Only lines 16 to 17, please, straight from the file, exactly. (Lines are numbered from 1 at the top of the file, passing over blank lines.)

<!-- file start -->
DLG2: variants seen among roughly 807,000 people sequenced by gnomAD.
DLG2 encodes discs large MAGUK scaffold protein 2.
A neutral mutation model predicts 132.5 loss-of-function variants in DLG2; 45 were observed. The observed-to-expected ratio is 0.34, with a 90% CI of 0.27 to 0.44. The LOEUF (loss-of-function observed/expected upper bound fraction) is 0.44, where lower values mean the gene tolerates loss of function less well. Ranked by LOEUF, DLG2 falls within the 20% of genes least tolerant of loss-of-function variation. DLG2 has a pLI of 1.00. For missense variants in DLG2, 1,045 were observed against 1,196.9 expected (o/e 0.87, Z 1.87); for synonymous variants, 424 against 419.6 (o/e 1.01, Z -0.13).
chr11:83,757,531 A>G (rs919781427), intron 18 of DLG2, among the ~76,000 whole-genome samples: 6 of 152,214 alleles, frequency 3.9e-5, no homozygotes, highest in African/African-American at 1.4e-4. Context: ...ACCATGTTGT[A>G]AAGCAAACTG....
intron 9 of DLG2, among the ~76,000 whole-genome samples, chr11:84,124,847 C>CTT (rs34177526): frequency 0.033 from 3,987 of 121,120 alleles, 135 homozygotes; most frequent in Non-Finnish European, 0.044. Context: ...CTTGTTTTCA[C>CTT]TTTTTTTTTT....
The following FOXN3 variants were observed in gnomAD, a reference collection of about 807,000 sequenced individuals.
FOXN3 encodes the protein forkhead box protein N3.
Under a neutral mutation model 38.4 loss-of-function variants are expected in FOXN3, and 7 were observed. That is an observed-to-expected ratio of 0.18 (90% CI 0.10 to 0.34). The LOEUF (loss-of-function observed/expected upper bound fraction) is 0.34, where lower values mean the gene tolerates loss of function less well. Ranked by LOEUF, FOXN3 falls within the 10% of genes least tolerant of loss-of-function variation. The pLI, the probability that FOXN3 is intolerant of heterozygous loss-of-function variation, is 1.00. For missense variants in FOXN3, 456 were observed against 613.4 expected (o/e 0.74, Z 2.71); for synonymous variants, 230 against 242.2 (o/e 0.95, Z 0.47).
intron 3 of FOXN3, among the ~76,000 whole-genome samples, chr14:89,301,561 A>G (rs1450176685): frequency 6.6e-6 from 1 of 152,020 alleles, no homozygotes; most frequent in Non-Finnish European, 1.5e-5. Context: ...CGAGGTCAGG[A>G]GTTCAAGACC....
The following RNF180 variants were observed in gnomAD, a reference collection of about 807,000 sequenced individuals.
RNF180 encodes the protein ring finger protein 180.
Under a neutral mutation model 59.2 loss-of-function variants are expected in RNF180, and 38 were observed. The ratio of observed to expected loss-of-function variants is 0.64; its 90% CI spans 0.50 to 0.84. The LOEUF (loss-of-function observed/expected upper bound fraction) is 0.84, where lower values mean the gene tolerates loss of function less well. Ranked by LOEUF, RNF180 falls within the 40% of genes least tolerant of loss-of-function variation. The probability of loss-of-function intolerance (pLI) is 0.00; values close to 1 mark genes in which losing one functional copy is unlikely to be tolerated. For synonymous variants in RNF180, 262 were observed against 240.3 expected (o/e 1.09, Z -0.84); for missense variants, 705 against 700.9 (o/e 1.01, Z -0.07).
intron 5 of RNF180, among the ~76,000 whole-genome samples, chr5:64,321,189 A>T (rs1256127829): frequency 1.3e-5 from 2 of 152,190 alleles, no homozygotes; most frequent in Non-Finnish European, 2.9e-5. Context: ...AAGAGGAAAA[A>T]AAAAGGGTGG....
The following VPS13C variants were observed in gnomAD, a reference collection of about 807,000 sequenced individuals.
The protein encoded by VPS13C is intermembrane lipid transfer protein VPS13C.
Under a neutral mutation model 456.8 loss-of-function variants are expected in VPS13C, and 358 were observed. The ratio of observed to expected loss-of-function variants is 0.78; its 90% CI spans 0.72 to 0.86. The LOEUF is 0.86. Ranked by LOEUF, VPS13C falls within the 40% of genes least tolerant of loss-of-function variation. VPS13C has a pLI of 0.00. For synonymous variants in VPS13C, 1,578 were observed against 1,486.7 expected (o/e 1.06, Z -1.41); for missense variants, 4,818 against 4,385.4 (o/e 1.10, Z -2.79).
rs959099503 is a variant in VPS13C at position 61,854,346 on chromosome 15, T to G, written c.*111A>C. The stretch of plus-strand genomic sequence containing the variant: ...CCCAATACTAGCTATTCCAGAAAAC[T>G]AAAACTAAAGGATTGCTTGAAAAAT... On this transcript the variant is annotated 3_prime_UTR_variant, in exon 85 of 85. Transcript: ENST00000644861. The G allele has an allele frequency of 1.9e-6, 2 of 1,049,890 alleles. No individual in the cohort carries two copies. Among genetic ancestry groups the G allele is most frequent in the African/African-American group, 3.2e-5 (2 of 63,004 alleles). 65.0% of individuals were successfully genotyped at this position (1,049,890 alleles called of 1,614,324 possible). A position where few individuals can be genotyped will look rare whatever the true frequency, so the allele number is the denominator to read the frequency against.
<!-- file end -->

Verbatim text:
Under a neutral mutation model 456.8 loss-of-function variants are expected in VPS13C, and 358 were observed. The ratio of observed to expected loss-of-function variants is 0.78; its 90% CI spans 0.72 to 0.86. The LOEUF is 0.86. Ranked by LOEUF, VPS13C falls within the 40% of genes least tolerant of loss-of-function variation. VPS13C has a pLI of 0.00. For synonymous variants in VPS13C, 1,578 were observed against 1,486.7 expected (o/e 1.06, Z -1.41); for missense variants, 4,818 against 4,385.4 (o/e 1.10, Z -2.79).
rs959099503 is a variant in VPS13C at position 61,854,346 on chromosome 15, T to G, written c.*111A>C. The stretch of plus-strand genomic sequence containing the variant: ...CCCAATACTAGCTATTCCAGAAAAC[T>G]AAAACTAAAGGATTGCTTGAAAAAT... On this transcript the variant is annotated 3_prime_UTR_variant, in exon 85 of 85. Transcript: ENST00000644861. The G allele has an allele frequency of 1.9e-6, 2 of 1,049,890 alleles. No individual in the cohort carries two copies. Among genetic ancestry groups the G allele is most frequent in the African/African-American group, 3.2e-5 (2 of 63,004 alleles). 65.0% of individuals were successfully genotyped at this position (1,049,890 alleles called of 1,614,324 possible). A position where few individuals can be genotyped will look rare whatever the true frequency, so the allele number is the denominator to read the frequency against.